Date of Award

Summer 2016

Document Type

Thesis

Degree Name

Master of Science (MS)

Department

Psychology

Committee Director

Barbara Winstead

Committee Director

Desideria Hacker

Committee Member

Debra Major

Abstract

The literature suggests that acculturation, enculturation, and the perception of mental health symptoms are some of the factors that explain help-seeking behaviors in Asian Americans. While there has been previous research addressing these concerns for Asian Americans as a unified ethnic group, few studies have examined these factors to explain help-seeking behaviors specifically in Korean Americans. 107 Korean Americans were recruited from Korean American churches in a large metropolitan city in the southeast region. Participants completed an online questionnaire, which included instruments assessing acculturation (AVS-R) and enculturation (EAVS-AA-R) levels as well as their perception of how problematic depressive symptoms were and willingness to seek help. The findings indicated that acculturation was significantly related to greater willingness to seek help from a psychologist for depressive symptoms and enculturation was significantly related to lower willingness to seek a psychologist for help with depressive symptoms. The results also showed that acculturation was significantly related to a greater likelihood of perceiving affective depressive symptoms as problematic. Lastly, the findings revealed that perceiving affective symptoms as problematic mediated the relationship between acculturation and willingness to seek help from a psychologist. These findings both compliment and contradict previous studies of acculturation, enculturation, perception of depressive symptoms, and help-seeking behaviors among Korean Americans.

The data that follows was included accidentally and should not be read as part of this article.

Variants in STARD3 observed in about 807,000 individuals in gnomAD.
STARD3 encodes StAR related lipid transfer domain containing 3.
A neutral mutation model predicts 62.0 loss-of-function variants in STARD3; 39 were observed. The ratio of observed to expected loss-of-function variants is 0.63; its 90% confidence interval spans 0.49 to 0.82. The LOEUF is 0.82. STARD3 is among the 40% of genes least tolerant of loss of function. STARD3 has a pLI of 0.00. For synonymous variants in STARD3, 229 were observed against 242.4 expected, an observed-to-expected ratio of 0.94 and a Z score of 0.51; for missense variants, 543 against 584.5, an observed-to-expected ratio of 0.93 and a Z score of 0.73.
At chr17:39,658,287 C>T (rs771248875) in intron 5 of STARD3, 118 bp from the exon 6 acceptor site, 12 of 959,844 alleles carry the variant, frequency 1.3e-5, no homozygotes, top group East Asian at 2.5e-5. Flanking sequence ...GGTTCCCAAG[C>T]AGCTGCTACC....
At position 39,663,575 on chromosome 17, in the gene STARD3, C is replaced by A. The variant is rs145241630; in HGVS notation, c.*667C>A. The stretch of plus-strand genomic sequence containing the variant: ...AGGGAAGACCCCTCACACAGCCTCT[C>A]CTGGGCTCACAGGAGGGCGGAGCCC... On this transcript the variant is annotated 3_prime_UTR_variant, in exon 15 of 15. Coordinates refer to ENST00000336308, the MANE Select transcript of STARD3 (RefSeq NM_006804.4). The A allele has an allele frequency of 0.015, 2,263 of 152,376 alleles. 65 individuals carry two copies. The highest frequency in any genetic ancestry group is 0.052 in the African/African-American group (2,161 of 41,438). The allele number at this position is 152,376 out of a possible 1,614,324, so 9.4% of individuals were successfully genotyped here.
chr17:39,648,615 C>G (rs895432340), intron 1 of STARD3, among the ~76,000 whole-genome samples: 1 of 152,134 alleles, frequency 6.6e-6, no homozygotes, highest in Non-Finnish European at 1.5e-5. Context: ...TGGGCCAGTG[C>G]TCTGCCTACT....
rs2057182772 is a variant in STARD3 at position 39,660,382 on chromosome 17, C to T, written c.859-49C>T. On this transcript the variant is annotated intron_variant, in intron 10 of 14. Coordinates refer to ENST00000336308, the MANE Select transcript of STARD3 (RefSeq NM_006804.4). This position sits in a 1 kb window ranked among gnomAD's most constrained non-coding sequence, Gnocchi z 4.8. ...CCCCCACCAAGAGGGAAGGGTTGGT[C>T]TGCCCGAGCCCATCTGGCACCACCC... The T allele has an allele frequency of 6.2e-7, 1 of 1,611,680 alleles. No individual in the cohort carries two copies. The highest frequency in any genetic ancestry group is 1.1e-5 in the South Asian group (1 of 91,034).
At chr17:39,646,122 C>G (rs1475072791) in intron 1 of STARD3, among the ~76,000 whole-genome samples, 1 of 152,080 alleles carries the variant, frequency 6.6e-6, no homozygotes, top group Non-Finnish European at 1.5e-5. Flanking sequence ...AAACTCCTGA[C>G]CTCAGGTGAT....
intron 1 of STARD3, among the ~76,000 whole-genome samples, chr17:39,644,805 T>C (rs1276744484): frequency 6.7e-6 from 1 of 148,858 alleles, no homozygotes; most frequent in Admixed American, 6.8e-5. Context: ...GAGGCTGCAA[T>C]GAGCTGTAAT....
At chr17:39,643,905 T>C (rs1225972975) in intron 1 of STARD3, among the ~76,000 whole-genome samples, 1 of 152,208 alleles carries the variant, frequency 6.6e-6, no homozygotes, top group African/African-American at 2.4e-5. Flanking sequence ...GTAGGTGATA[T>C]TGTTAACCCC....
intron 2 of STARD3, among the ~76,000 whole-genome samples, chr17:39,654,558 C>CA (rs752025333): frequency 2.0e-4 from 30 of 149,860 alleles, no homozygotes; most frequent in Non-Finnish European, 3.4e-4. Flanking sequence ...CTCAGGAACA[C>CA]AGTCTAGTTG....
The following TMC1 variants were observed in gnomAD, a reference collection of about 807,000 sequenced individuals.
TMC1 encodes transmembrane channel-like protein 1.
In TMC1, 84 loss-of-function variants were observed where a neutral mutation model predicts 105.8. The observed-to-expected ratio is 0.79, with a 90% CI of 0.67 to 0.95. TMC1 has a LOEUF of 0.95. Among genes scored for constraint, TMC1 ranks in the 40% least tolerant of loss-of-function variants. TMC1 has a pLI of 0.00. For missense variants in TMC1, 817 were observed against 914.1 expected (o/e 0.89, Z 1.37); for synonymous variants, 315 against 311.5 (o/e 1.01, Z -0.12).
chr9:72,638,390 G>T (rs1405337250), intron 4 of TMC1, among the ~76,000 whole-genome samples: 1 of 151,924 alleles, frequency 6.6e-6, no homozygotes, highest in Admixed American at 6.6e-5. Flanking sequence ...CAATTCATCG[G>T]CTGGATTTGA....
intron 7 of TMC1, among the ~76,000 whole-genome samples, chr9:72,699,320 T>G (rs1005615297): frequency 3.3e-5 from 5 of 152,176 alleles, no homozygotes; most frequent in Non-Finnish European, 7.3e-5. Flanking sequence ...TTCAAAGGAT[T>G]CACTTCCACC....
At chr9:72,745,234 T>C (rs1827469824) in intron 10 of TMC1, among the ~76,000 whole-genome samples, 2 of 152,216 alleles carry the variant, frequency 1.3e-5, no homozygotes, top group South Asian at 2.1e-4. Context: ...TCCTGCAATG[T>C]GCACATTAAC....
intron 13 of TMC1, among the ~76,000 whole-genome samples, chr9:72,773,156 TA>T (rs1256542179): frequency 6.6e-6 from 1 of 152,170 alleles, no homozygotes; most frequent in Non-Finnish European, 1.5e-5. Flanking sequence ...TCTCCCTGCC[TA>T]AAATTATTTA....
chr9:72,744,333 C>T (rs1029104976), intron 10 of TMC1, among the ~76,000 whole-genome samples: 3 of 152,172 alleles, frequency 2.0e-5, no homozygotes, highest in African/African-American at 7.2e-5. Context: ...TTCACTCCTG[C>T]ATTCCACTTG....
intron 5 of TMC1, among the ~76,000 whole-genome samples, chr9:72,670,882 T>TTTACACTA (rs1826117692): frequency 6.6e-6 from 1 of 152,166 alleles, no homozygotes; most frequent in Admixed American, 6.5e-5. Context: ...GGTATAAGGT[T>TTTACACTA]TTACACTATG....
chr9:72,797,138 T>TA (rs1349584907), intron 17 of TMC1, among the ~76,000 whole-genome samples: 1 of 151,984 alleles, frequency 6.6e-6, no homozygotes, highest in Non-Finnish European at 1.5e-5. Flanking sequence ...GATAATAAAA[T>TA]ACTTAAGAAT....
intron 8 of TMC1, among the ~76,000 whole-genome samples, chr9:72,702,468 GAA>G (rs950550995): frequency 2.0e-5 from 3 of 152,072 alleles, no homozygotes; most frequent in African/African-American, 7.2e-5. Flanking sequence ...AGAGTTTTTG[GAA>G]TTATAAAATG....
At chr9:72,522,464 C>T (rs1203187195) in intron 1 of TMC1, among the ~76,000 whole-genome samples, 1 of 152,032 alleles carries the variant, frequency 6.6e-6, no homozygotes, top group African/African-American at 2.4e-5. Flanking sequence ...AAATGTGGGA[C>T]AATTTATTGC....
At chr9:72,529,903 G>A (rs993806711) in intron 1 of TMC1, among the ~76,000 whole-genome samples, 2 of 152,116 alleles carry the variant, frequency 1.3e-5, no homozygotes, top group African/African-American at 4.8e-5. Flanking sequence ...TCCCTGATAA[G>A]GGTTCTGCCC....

ISBN

9781369170740

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